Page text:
While Washington state has canceled its spring bear hunting season for 2022, wildlife officials are considering opening three sanctuaries to North Carolina black bear hunting in the western part of the state this year to address an increasing number of human-bear encounters.
Over 500,000 acres in North Carolina are designated as bear sanctuaries by the North Carolina Wildlife Resources Commission. These sanctuaries, where black bears are protected from hunting, played a crucial role in restoring the population of North Carolina bears to healthy numbers. Although the number of black bears in the state had dwindled by the mid-20th century, today, the bear population has expanded to about 20,000 animals.
Bear hunting is also booming in North Carolina; hunters killed a record 7,496 bears during the 2020 bear season.
While there are plenty of bear hunting opportunities in the Tar Heel State, the wildlife commission hopes to expand those opportunities to include permit-only hunts in the Panthertown-Bonas Defeat sanctuary in Jackson County, the Pisgah sanctuary in Buncombe, Haywood, Henderson, and Transylvania counties, and the Standing Indian bear sanctuary in Macon County. All are located in the Mountain Bear Management Unit in the western part of the state and include 190,490 total acres.
The US Forest Service requested the proposed hunting expansion due to “increased human-bear interactions occurring on both forest service property and adjacent private property. The population management objective in the Mountain Bear Management Unit is to stabilize the population. Additional harvest using the permit hunt system in these areas will help with reaching that objective.”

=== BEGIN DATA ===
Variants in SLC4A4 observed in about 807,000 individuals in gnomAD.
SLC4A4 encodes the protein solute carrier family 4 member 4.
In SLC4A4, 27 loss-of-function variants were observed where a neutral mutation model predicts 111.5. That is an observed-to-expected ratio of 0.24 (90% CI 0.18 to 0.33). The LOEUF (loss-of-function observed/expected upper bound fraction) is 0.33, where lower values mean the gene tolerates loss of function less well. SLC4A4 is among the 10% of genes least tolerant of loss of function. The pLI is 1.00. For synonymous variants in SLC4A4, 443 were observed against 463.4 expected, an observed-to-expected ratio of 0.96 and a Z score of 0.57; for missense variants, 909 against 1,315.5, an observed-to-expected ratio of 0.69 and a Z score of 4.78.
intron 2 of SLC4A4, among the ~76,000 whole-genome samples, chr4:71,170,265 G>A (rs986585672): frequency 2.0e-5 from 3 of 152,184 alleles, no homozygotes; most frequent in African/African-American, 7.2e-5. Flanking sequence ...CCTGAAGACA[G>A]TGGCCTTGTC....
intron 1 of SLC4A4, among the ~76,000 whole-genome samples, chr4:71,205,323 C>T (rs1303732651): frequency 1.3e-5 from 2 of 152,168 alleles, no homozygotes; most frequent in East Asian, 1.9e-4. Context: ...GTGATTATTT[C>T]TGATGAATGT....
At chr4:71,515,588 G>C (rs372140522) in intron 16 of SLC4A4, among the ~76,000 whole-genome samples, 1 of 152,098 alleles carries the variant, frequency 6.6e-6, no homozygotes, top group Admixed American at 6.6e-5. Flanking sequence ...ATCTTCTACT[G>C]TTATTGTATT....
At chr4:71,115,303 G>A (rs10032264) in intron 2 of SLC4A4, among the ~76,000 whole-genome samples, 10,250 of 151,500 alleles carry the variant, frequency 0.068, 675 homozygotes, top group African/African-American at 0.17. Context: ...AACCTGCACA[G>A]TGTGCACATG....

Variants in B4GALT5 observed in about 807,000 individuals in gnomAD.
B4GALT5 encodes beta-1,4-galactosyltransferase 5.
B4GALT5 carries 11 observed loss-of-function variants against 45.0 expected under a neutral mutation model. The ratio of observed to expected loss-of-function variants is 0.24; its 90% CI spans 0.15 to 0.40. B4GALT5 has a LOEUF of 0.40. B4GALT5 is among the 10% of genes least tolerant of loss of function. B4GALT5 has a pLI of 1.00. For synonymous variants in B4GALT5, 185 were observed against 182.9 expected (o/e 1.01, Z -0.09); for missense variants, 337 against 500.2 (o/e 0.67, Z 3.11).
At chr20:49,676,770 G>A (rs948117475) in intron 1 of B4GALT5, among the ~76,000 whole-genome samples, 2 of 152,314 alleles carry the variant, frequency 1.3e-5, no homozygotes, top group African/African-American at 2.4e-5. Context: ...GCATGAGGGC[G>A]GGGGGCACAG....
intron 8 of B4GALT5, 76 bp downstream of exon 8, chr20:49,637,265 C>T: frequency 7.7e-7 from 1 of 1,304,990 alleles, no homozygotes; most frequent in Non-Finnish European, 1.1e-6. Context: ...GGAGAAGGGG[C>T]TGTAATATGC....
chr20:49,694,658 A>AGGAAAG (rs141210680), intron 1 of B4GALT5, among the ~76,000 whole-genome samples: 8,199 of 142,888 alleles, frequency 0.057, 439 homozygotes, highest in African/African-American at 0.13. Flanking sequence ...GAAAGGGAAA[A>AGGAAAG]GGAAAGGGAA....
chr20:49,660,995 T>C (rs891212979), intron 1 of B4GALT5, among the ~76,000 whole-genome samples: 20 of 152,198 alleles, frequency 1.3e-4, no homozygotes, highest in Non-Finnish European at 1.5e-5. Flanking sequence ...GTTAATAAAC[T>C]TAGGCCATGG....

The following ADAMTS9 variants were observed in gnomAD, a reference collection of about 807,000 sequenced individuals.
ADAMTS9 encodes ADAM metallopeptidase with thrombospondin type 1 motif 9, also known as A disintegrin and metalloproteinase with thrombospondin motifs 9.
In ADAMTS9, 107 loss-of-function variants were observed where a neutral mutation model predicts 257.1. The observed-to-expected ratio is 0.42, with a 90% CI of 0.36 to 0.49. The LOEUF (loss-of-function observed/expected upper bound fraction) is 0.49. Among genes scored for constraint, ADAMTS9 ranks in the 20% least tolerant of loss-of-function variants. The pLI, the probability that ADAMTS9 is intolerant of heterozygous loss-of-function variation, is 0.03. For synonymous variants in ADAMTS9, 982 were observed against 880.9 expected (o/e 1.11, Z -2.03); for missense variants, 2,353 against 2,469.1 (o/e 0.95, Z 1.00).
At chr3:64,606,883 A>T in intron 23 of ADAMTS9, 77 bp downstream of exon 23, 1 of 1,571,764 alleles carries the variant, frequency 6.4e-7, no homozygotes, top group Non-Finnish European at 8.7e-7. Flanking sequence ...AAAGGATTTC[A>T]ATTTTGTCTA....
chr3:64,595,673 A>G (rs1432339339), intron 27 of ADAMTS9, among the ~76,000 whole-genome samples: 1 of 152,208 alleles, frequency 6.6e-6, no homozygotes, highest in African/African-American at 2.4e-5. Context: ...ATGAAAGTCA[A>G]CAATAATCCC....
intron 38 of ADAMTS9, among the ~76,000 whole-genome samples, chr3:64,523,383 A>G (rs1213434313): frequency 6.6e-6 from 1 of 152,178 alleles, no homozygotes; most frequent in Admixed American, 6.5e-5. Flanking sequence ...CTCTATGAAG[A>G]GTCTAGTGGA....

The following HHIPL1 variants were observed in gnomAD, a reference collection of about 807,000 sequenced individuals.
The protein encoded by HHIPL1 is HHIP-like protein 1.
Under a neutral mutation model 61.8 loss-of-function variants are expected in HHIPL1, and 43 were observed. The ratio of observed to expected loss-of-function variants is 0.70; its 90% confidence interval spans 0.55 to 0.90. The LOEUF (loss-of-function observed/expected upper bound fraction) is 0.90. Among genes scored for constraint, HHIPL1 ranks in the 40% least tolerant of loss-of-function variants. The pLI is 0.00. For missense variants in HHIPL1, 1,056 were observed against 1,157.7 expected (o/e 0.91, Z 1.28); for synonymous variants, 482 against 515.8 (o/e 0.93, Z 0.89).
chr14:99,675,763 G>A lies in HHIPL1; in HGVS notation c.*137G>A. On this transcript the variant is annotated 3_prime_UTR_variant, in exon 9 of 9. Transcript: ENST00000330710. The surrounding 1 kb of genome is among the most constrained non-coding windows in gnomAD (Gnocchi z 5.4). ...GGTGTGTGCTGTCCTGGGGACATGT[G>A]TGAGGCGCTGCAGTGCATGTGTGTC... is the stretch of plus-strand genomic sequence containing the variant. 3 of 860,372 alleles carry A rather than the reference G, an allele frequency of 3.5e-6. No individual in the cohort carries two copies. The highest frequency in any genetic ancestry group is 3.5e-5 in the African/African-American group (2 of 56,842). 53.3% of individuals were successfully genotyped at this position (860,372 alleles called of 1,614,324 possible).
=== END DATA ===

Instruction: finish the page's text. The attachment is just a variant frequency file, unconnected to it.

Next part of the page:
State black bear and furbearer biologist Colleen Olfenbuttel says opening the areas to hunting, as the state does at other bear sanctuaries like Mount Mitchell and Daniel Boone, would be an effort to meet the goal of zero black bear population growth in the mountains.
Despite vociferous detractors of bear hunting across much of the country, it has plenty of supporters in North Carolina, which bodes well for the commission’s proposed expansion.
The commission will receive public comments at a virtual hearing scheduled for Jan. 20, 2022, before making a final decision on the matter. Individuals wishing to make a public comment must preregister through the commission’s website.
North Carolina’s expansion would be welcome news, considering bear seasons are under attack in other parts of the country.
Anti-hunting activists recently managed to shut down New Jersey’s 2021 bear season when Department of Environmental Protection Commissioner Shawn LaTourette refused to sign an updated Comprehensive Black Bear Management Plan. Gov. Phil Murphy, an outspoken opponent of bear hunting in the state, closed all state land to bear hunting in 2020 and pledged there would be no further seasons during his administration. Murphy was re-elected to the governor’s seat in 2021.
Sporting one of the densest bear populations in the country with approximately 5,000 black bears, New Jersey is also the most densely populated state with nearly 9 million people. Cram that many people and that many black bears into a relatively small state with a ton of residential areas and human-bear interactions are inevitable, simply because so much of what people do in day-to-day life attracts bears, especially their food or garbage.